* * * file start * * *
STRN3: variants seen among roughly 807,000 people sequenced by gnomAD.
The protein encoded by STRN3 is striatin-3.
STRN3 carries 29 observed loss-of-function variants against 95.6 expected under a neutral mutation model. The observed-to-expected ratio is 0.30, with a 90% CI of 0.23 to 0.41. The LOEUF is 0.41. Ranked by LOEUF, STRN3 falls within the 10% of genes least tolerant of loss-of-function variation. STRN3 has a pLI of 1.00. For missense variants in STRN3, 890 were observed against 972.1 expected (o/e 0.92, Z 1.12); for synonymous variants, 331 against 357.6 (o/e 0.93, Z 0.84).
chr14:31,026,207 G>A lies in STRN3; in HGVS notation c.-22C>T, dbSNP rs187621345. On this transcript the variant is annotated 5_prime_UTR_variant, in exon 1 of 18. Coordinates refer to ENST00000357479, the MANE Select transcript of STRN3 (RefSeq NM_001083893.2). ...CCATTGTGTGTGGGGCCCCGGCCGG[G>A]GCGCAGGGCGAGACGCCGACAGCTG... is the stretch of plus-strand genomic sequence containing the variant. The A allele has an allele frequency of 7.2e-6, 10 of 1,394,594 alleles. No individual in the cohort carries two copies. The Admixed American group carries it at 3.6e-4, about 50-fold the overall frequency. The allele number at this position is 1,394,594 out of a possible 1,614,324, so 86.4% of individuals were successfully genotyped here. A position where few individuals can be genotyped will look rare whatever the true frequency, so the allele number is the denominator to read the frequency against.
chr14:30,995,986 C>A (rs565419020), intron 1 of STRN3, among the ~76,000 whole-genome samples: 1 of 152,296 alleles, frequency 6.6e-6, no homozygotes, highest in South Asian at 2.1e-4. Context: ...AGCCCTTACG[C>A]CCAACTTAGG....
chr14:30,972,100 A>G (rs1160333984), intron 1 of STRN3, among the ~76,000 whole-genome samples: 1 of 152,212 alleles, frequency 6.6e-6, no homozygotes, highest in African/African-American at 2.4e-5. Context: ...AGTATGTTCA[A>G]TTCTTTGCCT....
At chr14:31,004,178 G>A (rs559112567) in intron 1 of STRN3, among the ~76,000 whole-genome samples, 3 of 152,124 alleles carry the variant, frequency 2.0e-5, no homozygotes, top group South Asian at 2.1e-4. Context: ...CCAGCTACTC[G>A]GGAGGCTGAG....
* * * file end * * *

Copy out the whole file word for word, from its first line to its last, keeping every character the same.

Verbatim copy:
STRN3: variants seen among roughly 807,000 people sequenced by gnomAD.
The protein encoded by STRN3 is striatin-3.
STRN3 carries 29 observed loss-of-function variants against 95.6 expected under a neutral mutation model. The observed-to-expected ratio is 0.30, with a 90% CI of 0.23 to 0.41. The LOEUF is 0.41. Ranked by LOEUF, STRN3 falls within the 10% of genes least tolerant of loss-of-function variation. STRN3 has a pLI of 1.00. For missense variants in STRN3, 890 were observed against 972.1 expected (o/e 0.92, Z 1.12); for synonymous variants, 331 against 357.6 (o/e 0.93, Z 0.84).
chr14:31,026,207 G>A lies in STRN3; in HGVS notation c.-22C>T, dbSNP rs187621345. On this transcript the variant is annotated 5_prime_UTR_variant, in exon 1 of 18. Coordinates refer to ENST00000357479, the MANE Select transcript of STRN3 (RefSeq NM_001083893.2). ...CCATTGTGTGTGGGGCCCCGGCCGG[G>A]GCGCAGGGCGAGACGCCGACAGCTG... is the stretch of plus-strand genomic sequence containing the variant. The A allele has an allele frequency of 7.2e-6, 10 of 1,394,594 alleles. No individual in the cohort carries two copies. The Admixed American group carries it at 3.6e-4, about 50-fold the overall frequency. The allele number at this position is 1,394,594 out of a possible 1,614,324, so 86.4% of individuals were successfully genotyped here. A position where few individuals can be genotyped will look rare whatever the true frequency, so the allele number is the denominator to read the frequency against.
chr14:30,995,986 C>A (rs565419020), intron 1 of STRN3, among the ~76,000 whole-genome samples: 1 of 152,296 alleles, frequency 6.6e-6, no homozygotes, highest in South Asian at 2.1e-4. Context: ...AGCCCTTACG[C>A]CCAACTTAGG....
chr14:30,972,100 A>G (rs1160333984), intron 1 of STRN3, among the ~76,000 whole-genome samples: 1 of 152,212 alleles, frequency 6.6e-6, no homozygotes, highest in African/African-American at 2.4e-5. Context: ...AGTATGTTCA[A>G]TTCTTTGCCT....
At chr14:31,004,178 G>A (rs559112567) in intron 1 of STRN3, among the ~76,000 whole-genome samples, 3 of 152,124 alleles carry the variant, frequency 2.0e-5, no homozygotes, top group South Asian at 2.1e-4. Context: ...CCAGCTACTC[G>A]GGAGGCTGAG....